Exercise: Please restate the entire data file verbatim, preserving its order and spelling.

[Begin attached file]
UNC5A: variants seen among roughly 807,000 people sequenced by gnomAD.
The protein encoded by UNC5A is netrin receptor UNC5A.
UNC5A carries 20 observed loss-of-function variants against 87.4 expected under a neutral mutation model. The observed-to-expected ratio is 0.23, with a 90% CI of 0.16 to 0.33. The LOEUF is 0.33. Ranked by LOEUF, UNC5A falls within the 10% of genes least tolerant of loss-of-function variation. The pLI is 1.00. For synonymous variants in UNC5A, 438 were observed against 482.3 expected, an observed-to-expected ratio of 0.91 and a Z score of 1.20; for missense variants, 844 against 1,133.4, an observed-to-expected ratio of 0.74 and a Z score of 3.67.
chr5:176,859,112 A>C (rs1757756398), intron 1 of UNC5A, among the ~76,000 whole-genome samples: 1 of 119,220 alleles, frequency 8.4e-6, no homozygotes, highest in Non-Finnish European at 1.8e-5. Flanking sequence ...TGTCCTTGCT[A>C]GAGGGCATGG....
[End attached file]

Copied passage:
UNC5A: variants seen among roughly 807,000 people sequenced by gnomAD.
The protein encoded by UNC5A is netrin receptor UNC5A.
UNC5A carries 20 observed loss-of-function variants against 87.4 expected under a neutral mutation model. The observed-to-expected ratio is 0.23, with a 90% CI of 0.16 to 0.33. The LOEUF is 0.33. Ranked by LOEUF, UNC5A falls within the 10% of genes least tolerant of loss-of-function variation. The pLI is 1.00. For synonymous variants in UNC5A, 438 were observed against 482.3 expected, an observed-to-expected ratio of 0.91 and a Z score of 1.20; for missense variants, 844 against 1,133.4, an observed-to-expected ratio of 0.74 and a Z score of 3.67.
chr5:176,859,112 A>C (rs1757756398), intron 1 of UNC5A, among the ~76,000 whole-genome samples: 1 of 119,220 alleles, frequency 8.4e-6, no homozygotes, highest in Non-Finnish European at 1.8e-5. Flanking sequence ...TGTCCTTGCT[A>C]GAGGGCATGG....